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Mobile coffee shop Java Rocket blasts off with caffeine, community

Mobile coffee shop Java Rocket blasts off with caffeine, community

Mobile coffee shop Java Rocket blasts off with caffeine, community
October 18
00:49 2018

Many sleep-deprived, midterm-ridden students recently discovered a new caffeine fix around Denton, only to find upon return that the mysterious coffee source had vanished. But this coffee shop is not a mirage — just mobile.

Java Rocket is a traveling coffee startup that can be found both day and night in front of various Denton locations, such as Tom’s Daiquiri Place and East Side Denton. The traveling trailer features fresh, local brews and is considered a favorite of many UNT art students who often begin their mornings directly across from the rocket. 

The business, which recently celebrated its six-month anniversary, is owned and operated solely by Dean Underdahl, with the occasional assistance of his 11-year-old son.

“This was all an idea I started thinking about a couple of years ago,” Underdahl said. “Just thinking about how I could work independently and maybe start my own business.”

Underdahl worked for many years in the bar industry and understood the huge undertaking of making a bar successful. He witnessed 80 to 85 percent of new bars collapse within the first two years and decided to try a different avenue for his business venture.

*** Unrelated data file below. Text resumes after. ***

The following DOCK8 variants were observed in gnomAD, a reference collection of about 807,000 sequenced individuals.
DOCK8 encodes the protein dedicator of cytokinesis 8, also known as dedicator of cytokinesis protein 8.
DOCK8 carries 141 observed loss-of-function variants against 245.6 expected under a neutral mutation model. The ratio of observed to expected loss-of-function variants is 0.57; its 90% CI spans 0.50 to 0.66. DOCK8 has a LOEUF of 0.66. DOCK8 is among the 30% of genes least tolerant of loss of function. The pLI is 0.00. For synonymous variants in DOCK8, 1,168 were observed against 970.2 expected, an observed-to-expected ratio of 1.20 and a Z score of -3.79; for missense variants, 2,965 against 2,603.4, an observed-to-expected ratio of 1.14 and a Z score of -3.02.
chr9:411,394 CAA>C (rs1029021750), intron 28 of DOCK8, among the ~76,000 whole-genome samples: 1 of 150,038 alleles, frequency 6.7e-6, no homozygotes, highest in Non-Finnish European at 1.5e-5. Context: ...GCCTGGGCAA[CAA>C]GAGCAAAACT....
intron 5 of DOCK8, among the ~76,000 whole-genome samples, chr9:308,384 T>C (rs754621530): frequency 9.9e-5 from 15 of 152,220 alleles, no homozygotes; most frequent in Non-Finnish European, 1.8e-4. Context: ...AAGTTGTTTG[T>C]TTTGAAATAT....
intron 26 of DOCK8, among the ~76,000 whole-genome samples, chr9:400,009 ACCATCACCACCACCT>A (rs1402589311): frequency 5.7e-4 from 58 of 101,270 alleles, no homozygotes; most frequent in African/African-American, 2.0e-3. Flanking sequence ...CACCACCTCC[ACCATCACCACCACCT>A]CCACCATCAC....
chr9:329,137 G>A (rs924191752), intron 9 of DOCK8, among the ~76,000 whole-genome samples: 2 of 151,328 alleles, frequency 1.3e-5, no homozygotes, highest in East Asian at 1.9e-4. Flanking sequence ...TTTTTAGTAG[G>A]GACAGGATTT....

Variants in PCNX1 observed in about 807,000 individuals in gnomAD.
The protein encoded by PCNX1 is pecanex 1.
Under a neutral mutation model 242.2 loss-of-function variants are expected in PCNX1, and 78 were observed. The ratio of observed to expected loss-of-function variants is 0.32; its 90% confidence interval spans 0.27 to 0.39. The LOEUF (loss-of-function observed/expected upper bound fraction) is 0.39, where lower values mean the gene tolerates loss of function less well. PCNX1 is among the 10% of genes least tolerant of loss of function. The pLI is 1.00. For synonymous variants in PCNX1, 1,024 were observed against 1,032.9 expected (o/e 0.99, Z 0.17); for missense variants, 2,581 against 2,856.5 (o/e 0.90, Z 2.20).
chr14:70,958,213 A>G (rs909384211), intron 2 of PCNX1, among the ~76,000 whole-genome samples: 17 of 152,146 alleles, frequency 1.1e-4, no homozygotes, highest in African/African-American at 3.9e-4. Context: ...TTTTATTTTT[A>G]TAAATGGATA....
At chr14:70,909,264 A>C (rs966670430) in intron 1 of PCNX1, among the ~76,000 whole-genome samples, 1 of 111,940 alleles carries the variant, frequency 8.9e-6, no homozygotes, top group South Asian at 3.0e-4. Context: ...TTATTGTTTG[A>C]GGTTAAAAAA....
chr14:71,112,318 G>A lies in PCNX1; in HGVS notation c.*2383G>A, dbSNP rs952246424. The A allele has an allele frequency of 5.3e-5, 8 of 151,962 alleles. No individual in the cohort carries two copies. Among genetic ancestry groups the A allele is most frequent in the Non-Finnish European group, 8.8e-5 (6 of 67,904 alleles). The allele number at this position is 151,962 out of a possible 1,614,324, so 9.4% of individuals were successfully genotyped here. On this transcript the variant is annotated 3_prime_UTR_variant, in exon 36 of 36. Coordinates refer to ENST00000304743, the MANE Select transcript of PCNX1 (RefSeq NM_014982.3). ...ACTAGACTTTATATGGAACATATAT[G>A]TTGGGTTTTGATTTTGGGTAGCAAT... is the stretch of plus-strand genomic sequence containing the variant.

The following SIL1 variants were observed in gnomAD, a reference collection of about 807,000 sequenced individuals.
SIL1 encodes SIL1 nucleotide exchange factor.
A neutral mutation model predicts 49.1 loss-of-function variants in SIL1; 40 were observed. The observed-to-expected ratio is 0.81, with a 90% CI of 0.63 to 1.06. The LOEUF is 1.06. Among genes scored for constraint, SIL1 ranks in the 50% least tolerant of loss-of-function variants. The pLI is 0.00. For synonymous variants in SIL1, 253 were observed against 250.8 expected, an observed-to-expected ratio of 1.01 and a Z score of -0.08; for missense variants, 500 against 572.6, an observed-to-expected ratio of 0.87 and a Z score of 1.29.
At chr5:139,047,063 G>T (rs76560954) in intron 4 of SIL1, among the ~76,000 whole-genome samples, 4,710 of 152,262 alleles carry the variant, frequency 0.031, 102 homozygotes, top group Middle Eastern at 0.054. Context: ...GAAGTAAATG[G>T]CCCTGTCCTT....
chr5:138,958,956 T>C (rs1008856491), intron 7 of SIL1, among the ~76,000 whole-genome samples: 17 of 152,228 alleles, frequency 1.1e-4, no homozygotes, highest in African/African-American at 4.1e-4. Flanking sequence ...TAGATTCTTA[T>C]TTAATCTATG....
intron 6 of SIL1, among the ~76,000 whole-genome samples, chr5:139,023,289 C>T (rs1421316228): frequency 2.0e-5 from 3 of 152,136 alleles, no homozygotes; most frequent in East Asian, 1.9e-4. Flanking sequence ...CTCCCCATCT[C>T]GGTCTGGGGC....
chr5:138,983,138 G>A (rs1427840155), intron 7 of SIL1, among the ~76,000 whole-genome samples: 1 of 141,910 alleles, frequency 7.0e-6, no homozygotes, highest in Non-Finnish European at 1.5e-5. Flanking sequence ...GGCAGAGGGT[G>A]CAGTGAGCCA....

He always enjoyed coffee and considered the beverage to be a personal interest to him. During his European travels in the beer and wine industry, Underdahl noticed the popularity of small beverage carts that were infrequent in the U.S. The idea came to minimize his dream of a coffee shop into a smaller, more affordable startup.

In December, Underdahl was laid off. He thought he would continue to work in the alcohol industry but was beaten out by a competitor in an important job interview. At that moment he knew his dream had to become a reality.

Java Coffee set up outside of Eastside Bar. The interior of the coffee bar was all made by the owner himself. Omar Gonzalez

“I immediately went into crisis prevention mode,” Underdahl said. “The funny thing was, I remember not getting completely nervous and stressed out [like I should have been]. It was like everything was really clear for me at that point and it was almost good because it was less distraction. It was like, ‘OK, now you know what you need to do,’ and that was the start of it.”

The first concept was to house the startup out of a food truck or van. However, Underdahl did not want his business to depend on a motor and possibly spend valuable business hours trapped in the jowls of an auto repair shop. Thus, he acquired a smaller teardrop trailer, which allowed him more flexibility and the ability to invest more into the high-quality equipment that actually makes the coffee.

The rolling stone known as Java Rocket was born on April 13 and has been gaining momentum ever since.

Underdahl is a strong believer in night coffee and can be found around town long after the sun has set, working the Rocket both late nights and early mornings. While there is no shortage of coffee shops in Denton, the mobility of Java Rocket and its flexible business hours create a niche for the startup in a crowded ecosystem.

“First off, the coffee is amazing,” said Brett Fields, owner of Tom’s Daiquiri Place. “Java Rocket offers a wide variety of styles and flavors with on-the-go convenience. Dean’s set up and the trailer allows him to be flexible, which is great for both his business and his customers.”